A FERC administrative law judge’s (ALJ) initial decision ordering refunds of pipeline charges wrongfully collected by Rockies Express LLC (REX) pipeline for lost and unaccounted for gas, if endorsed by the full Commission, could disrupt the entire pipeline industry, according to the Interstate Natural Gas Association of America (INGAA).

INGAA has filed a motion with the Federal Energy Regulatory Commision (FERC) to intervene out-of-time or, in the alternative, file an amicus brief to protest a portion of the recent initial decision by ALJ Judith A. Dowd, which called for $22.2 million in refunds to shippers.

Dowd found that the fuel tracking provisions for REX are not just and reasonable, called for the refunds, and endorsed an alternative to the existing tracker, which was found to be overly complex and almost impossible to monitor. The full FERC has the authority to accept or reject in full or in part the ALJ’s decision. Dowd sided with Indicated Shippers (BP America Production Co., BP Energy Co., and WPX Energy Marketing) and Ultra Petroleum in finding that REX profited from its tracking surcharge mechanism for fuel and lost and unaccounted for gas (FL&U). “Fuel reimbursement provisions, including cash-outs for over-collections of fuel, should not be a profit center for the pipeline,” the judge said in her decision.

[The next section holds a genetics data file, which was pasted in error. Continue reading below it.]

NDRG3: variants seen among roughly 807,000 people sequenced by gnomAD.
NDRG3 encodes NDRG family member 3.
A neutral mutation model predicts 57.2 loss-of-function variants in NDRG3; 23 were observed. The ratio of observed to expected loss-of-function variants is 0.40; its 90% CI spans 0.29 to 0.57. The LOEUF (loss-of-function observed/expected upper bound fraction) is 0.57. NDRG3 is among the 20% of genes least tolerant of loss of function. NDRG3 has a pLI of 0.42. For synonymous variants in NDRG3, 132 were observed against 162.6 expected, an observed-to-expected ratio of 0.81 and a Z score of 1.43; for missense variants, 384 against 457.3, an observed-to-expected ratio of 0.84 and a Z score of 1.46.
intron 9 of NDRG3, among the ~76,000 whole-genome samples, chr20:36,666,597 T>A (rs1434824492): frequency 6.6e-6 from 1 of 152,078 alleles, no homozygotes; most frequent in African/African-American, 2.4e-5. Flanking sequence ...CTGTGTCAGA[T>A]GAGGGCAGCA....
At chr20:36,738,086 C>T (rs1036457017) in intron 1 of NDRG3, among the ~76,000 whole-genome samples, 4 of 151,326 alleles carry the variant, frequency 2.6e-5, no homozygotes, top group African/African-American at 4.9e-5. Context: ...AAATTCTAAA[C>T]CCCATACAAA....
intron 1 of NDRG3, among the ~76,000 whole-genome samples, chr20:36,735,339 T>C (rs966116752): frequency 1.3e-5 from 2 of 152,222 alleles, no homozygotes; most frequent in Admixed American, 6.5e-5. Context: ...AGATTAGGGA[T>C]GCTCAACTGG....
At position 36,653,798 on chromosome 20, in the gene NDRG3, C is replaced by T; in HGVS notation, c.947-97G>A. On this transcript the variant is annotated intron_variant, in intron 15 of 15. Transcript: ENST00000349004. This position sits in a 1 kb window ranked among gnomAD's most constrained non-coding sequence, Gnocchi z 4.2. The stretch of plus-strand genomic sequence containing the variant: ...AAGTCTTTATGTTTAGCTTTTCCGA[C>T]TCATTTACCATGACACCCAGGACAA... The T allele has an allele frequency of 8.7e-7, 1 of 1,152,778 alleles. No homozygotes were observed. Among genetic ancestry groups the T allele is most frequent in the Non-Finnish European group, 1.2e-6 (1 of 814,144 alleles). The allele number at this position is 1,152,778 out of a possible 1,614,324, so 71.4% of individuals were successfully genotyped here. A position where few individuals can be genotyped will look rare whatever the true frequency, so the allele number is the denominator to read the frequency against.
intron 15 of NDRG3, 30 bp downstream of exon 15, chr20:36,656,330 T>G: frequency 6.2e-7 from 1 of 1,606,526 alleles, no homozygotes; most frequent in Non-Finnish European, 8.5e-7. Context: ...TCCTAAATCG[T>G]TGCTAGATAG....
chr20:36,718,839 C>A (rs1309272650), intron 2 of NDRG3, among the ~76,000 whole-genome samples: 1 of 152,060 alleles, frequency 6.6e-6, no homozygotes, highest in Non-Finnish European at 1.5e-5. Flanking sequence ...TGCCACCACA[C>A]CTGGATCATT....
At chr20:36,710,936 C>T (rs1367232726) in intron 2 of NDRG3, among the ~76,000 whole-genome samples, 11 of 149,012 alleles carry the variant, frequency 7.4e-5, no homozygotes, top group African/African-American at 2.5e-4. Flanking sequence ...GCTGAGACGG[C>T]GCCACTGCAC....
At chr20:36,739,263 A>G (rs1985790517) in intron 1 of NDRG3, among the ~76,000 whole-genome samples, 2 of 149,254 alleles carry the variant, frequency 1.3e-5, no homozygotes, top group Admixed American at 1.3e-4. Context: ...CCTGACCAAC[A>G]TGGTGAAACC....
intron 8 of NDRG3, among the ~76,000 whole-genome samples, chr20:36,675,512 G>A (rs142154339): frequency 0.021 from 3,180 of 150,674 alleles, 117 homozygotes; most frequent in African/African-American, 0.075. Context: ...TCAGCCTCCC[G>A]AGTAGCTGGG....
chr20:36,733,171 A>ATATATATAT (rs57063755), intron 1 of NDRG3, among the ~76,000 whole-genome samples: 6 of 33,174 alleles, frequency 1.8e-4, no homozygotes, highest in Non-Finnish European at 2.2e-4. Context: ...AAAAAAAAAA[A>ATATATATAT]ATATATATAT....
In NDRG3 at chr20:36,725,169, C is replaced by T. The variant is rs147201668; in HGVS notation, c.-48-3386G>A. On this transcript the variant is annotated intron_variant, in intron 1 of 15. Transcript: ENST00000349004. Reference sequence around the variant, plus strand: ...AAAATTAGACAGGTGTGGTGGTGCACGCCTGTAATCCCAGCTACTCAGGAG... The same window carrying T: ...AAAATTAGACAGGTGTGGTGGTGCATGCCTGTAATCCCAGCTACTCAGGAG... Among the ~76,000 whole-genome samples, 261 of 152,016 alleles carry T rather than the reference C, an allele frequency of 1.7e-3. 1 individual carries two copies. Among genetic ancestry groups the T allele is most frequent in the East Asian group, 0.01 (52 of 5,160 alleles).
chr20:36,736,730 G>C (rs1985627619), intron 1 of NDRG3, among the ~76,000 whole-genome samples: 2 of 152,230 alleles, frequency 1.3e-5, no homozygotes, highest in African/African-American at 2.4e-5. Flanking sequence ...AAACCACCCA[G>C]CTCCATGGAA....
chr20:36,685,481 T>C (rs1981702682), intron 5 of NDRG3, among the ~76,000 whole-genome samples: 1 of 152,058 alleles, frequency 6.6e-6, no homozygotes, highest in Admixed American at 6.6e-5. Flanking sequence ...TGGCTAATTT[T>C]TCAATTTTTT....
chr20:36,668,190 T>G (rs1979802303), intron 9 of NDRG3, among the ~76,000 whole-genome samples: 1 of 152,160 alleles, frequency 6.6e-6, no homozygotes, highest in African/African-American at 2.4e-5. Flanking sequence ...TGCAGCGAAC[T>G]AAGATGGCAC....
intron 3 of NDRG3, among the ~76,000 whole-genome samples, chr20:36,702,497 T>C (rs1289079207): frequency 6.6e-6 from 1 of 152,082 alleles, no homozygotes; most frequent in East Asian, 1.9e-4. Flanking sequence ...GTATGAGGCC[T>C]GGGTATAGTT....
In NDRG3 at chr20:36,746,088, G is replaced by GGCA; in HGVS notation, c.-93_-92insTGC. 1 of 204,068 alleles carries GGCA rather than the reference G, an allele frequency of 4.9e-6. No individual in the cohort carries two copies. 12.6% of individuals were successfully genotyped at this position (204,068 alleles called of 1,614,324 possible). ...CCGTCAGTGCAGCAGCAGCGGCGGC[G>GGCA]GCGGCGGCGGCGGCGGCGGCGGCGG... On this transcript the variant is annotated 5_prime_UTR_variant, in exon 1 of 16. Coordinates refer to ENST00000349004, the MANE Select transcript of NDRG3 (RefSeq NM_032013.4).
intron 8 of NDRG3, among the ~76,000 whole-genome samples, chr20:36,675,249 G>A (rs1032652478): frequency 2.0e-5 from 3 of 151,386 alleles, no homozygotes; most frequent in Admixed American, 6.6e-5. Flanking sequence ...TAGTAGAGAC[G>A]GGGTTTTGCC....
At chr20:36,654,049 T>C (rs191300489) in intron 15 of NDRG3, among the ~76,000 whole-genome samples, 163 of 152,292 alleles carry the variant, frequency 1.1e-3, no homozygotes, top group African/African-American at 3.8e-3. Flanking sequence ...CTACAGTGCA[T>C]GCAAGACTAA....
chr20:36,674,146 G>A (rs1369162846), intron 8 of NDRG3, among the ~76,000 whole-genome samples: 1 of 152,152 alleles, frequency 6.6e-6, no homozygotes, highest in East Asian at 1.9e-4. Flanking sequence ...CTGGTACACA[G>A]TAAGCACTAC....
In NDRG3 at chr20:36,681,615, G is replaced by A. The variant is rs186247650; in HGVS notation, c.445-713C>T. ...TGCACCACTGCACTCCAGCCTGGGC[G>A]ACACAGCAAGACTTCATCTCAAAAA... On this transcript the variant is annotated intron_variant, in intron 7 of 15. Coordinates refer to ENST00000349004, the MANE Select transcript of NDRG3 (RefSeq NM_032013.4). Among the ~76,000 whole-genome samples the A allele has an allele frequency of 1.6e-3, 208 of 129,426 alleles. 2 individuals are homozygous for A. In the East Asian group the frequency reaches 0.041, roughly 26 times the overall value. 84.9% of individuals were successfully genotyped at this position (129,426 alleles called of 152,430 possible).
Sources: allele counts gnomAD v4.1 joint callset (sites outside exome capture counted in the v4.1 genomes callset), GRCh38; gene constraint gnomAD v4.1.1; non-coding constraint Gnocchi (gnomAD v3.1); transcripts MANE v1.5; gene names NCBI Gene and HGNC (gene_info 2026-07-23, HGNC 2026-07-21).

Dowd accepted an estimate of the excess retained and subject to refund during 2011 and 2012 of approximately $22.2 million, submitted by an independent witness (see NGI, July 8).

According to INGAA, Dowd erred in reopening a closed proceeding and ordering retroactive refunds under Section 4. If approved by FERC, Dowd’s “finding will have widespread and disruptive ramifications in the pipeline industry.”

It has long been a pillar of the regulated pipeline industry and a nemesis of its customers that under the Natural Gas Act (NGA) a finding of wrongful charges against a pipeline may involve rate changes going forward (prospective) but in most cases not retroactive refunds. Electric utilities under the Federal Power Act are not afforded the same protection. INGAA said it was concerned with the ALJ’s “holding that FERC has authority under the NGA Section 4 to order retroactive refunds for a prior period FL&U filing that was accepted without suspension and permitted to take effect without being subject to refund.”

FERC has no statutory authority under NGA Section 4 to order retroactive refunds of rates that have not been suspended and set for hearing, the pipeline group said. It added that REX’s 2010 FL&U filing was never suspended.

Dowd also concluded that it is appropriate under NGA Section 4 to use a prior period adjustment to correct REX’s 2010 FL&U filing miscalculation and refund REX’s unjust and unreasonable over-recovering that stemmed from these miscalculations. The decision also orders disgorgement of ‘unjust’ profits collected through the 2010 FL&U filing under NGA Section 16.

INGAA said it seeks clarification of a second issue in the initial decision that found REX to be in violation of its tariff by “retaining and selling the proceeds of shipper-supplied gas through the FL&U mechanism.”

The decision “suggests that pipelines without specific tariff language can never make operational sales of shipper-supplied fuel gas. INGAA seeks clarification from FERC that operation sales can encompass excess gas obtained through a pipeline’s fuel tracker mechanism.”